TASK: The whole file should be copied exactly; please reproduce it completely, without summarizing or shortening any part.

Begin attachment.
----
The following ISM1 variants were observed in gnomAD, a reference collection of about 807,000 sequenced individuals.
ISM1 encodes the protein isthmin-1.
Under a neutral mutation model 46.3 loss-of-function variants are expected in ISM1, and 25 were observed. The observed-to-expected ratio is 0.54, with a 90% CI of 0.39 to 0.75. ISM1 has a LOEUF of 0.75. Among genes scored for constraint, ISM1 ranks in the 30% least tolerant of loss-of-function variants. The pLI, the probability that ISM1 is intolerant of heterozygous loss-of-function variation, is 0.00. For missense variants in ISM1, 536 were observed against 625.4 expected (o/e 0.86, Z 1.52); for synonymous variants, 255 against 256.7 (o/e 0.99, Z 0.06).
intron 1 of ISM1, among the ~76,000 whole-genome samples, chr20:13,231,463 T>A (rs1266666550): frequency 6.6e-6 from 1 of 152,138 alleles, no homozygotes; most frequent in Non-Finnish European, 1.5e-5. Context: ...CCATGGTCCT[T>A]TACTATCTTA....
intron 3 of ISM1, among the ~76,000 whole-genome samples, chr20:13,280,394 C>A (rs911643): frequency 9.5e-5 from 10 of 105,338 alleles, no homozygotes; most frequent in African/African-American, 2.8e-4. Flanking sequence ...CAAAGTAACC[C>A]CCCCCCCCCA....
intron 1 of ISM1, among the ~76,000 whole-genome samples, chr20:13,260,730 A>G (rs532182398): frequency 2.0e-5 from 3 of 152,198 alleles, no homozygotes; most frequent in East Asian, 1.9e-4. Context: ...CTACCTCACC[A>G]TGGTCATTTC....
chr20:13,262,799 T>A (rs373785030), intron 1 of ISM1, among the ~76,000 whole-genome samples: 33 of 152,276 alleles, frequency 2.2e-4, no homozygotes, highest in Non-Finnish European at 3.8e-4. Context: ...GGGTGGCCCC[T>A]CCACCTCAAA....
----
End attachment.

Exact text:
The following ISM1 variants were observed in gnomAD, a reference collection of about 807,000 sequenced individuals.
ISM1 encodes the protein isthmin-1.
Under a neutral mutation model 46.3 loss-of-function variants are expected in ISM1, and 25 were observed. The observed-to-expected ratio is 0.54, with a 90% CI of 0.39 to 0.75. ISM1 has a LOEUF of 0.75. Among genes scored for constraint, ISM1 ranks in the 30% least tolerant of loss-of-function variants. The pLI, the probability that ISM1 is intolerant of heterozygous loss-of-function variation, is 0.00. For missense variants in ISM1, 536 were observed against 625.4 expected (o/e 0.86, Z 1.52); for synonymous variants, 255 against 256.7 (o/e 0.99, Z 0.06).
intron 1 of ISM1, among the ~76,000 whole-genome samples, chr20:13,231,463 T>A (rs1266666550): frequency 6.6e-6 from 1 of 152,138 alleles, no homozygotes; most frequent in Non-Finnish European, 1.5e-5. Context: ...CCATGGTCCT[T>A]TACTATCTTA....
intron 3 of ISM1, among the ~76,000 whole-genome samples, chr20:13,280,394 C>A (rs911643): frequency 9.5e-5 from 10 of 105,338 alleles, no homozygotes; most frequent in African/African-American, 2.8e-4. Flanking sequence ...CAAAGTAACC[C>A]CCCCCCCCCA....
intron 1 of ISM1, among the ~76,000 whole-genome samples, chr20:13,260,730 A>G (rs532182398): frequency 2.0e-5 from 3 of 152,198 alleles, no homozygotes; most frequent in East Asian, 1.9e-4. Context: ...CTACCTCACC[A>G]TGGTCATTTC....
chr20:13,262,799 T>A (rs373785030), intron 1 of ISM1, among the ~76,000 whole-genome samples: 33 of 152,276 alleles, frequency 2.2e-4, no homozygotes, highest in Non-Finnish European at 3.8e-4. Context: ...GGGTGGCCCC[T>A]CCACCTCAAA....